Retirement village code of conduct


Retirement village ambassadors, compulsory code of conduct among sweeping reforms for NSW sector

Retirement villages will have to abide to a mandatory code of conduct — and will be policed by retirement village ambassador — in a range of sweeping reforms set to be introduced to the sector in New South Wales.

Buying into a ‘financial sinkhole’

One former resident describes Aveo’s business practices as “totally rapacious, I don’t know how they get away with it”.

Described as a “good start” by the Retirement Villages Residents Association (RVRA), the proposed reforms come on the back of a 2017 review into the retirement village sector led by Kathryn Greiner.

The Greiner Review came after a joint investigation by the ABC’s Four Corners and Fairfax Media into retirement village company Aveo that uncovered exorbitant fees and complex contracts, described by some residents as “financial abuse of the elderly”.

After reviewing 500 submissions, Ms Greiner — who was involved the Gonski Review and NSW Catholic Funding Review — handed the NSW Government 17 recommendations in a report in December.

The NSW Government today announced it would accept the majority of the proposals, whilst a “small number” of recommendations would be “accepted in principle” with further consultation required.

Some of the recommendations included:

  • Improving up-front disclosure provided to prospective residents, making it simpler to understand the critical terms and conditions.
  • A legally-binding exit fees and charges statement is provided early in the process.
  • A requirement for operators to provide residents with an opportunity for a regular contract check-up during their occupancy.
  • A requirement for an operator to buy back the unit after a maximum timeframe from a resident leaving the village that is a registered interest holder.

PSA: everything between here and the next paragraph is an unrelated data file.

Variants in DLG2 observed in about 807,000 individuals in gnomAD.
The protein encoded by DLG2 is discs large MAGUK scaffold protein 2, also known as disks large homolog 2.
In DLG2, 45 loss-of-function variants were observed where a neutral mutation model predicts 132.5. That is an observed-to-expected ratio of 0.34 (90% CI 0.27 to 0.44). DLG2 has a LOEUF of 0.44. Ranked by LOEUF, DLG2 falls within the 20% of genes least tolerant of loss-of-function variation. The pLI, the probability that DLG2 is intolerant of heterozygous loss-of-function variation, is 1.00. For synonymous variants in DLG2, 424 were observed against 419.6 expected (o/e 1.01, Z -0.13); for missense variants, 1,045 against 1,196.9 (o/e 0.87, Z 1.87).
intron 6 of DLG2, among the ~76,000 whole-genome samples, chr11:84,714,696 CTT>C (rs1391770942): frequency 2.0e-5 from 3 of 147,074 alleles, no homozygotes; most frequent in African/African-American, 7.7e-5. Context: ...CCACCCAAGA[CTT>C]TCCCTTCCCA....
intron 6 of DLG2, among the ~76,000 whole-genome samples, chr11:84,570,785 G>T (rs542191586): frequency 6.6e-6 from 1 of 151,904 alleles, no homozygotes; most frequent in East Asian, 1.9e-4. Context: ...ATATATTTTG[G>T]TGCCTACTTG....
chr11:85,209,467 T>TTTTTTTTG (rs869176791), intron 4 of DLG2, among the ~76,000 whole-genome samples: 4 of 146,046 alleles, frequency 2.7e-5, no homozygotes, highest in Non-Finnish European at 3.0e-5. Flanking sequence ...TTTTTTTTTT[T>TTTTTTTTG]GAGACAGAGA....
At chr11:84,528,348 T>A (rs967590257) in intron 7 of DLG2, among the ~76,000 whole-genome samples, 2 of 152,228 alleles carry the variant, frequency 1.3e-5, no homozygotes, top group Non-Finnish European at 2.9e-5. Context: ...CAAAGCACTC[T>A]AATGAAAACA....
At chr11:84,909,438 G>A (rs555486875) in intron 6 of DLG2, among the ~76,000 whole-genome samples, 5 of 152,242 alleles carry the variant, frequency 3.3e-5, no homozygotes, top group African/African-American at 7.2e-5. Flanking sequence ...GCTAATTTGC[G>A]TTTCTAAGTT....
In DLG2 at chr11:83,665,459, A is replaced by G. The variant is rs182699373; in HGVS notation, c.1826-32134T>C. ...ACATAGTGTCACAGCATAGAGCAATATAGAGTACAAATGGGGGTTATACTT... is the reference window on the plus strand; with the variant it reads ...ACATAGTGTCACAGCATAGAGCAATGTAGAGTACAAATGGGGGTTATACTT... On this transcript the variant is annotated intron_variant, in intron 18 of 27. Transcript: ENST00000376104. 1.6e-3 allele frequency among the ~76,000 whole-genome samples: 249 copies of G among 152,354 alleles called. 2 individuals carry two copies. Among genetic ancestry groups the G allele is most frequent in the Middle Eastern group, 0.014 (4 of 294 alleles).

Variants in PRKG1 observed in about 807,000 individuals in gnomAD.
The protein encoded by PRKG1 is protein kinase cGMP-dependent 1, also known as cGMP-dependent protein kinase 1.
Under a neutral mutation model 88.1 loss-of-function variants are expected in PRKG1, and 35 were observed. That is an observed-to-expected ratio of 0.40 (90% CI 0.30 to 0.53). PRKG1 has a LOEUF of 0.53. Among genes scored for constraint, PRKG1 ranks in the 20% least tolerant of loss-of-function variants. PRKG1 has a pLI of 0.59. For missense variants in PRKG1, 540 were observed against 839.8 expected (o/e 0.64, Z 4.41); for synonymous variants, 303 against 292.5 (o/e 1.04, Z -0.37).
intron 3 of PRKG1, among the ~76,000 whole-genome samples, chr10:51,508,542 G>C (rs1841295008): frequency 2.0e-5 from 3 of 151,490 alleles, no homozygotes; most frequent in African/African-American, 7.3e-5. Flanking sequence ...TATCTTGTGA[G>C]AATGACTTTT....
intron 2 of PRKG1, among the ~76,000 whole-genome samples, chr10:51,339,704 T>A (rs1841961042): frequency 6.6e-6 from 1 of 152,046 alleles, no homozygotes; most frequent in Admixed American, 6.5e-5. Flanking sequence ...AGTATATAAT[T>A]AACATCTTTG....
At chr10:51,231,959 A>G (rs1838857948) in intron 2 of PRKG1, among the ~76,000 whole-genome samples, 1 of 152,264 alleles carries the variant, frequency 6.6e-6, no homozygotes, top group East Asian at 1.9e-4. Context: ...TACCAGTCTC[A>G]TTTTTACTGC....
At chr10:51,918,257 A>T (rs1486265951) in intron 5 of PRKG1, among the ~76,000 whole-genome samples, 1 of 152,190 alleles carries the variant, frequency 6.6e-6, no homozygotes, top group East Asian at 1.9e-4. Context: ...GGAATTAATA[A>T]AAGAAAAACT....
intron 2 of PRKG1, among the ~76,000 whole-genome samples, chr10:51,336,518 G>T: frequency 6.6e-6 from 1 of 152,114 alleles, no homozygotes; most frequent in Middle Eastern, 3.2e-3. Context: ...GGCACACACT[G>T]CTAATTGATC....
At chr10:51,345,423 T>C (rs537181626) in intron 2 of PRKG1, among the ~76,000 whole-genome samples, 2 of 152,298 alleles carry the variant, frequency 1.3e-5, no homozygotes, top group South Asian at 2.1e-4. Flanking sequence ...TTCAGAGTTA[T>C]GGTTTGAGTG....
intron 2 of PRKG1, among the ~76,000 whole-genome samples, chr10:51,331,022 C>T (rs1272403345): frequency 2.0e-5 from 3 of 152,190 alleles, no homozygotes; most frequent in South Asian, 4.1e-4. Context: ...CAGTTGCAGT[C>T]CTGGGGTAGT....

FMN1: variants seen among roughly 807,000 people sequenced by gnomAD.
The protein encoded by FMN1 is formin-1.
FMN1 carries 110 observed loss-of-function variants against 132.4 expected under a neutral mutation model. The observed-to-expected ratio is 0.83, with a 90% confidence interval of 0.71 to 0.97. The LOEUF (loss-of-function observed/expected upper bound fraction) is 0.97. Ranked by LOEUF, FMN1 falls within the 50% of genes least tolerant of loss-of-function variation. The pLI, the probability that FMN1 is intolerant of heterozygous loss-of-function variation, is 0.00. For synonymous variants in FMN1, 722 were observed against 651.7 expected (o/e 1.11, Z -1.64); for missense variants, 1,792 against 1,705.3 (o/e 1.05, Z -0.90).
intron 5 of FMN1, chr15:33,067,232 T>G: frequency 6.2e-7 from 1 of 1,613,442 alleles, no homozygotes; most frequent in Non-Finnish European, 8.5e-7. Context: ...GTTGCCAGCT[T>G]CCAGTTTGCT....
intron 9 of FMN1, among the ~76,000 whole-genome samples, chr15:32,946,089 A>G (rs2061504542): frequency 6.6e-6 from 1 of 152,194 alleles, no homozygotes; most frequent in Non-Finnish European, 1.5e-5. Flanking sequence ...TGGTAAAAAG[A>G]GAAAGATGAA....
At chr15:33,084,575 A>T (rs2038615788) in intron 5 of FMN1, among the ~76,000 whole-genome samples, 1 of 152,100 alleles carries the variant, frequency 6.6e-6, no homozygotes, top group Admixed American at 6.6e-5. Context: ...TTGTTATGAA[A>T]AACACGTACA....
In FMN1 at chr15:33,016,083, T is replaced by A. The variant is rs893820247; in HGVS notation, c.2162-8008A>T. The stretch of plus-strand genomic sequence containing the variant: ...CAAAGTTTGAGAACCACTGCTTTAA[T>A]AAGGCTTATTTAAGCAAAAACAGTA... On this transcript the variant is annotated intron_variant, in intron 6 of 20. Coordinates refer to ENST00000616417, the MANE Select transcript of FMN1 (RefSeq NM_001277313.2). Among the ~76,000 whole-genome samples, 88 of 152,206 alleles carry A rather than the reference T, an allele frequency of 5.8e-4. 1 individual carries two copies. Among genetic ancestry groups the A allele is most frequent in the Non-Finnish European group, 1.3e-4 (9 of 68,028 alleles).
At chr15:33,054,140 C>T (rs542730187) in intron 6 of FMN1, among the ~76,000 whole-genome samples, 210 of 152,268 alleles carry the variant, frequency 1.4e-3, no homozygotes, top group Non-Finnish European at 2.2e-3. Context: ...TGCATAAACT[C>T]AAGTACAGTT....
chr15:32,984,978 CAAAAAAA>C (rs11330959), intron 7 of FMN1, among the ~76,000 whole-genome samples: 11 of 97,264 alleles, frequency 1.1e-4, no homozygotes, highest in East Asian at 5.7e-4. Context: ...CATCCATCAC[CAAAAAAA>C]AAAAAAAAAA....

• Simplifying the funding arrangements for maintenance.
  • Fairer dispute resolution processes.
  • Increasing Fair Trading’s oversight of retirement villages through targeted compliance activities that focus on retirement villages.
  • The introduction of a code of conduct.

The Government did not specify which recommendations it had “accepted in principle” and which ones it was accepting unconditionally.

However, NSW Minister for Better Regulation Matt Kean emphasised a planned “crackdown” on “unscrupulous exit fees”.

“The review is all about putting power back in the hands of retirement village residents and their families,” he said.

RVRA president Tom Gate described it as a “good start” to bring the industry up to modern day standards.

“We haven’t had an opportunity to go through [the report] properly as an association yet, but we will,” he said.

Mr Gate said the association was pushing for a retirement village ombudsman, and was “disappointed” that was not one of the recommendations.

There are 55,000 residents in retirement villages across the state, with predictions it will skyrocket to more than three times that in the next decade.

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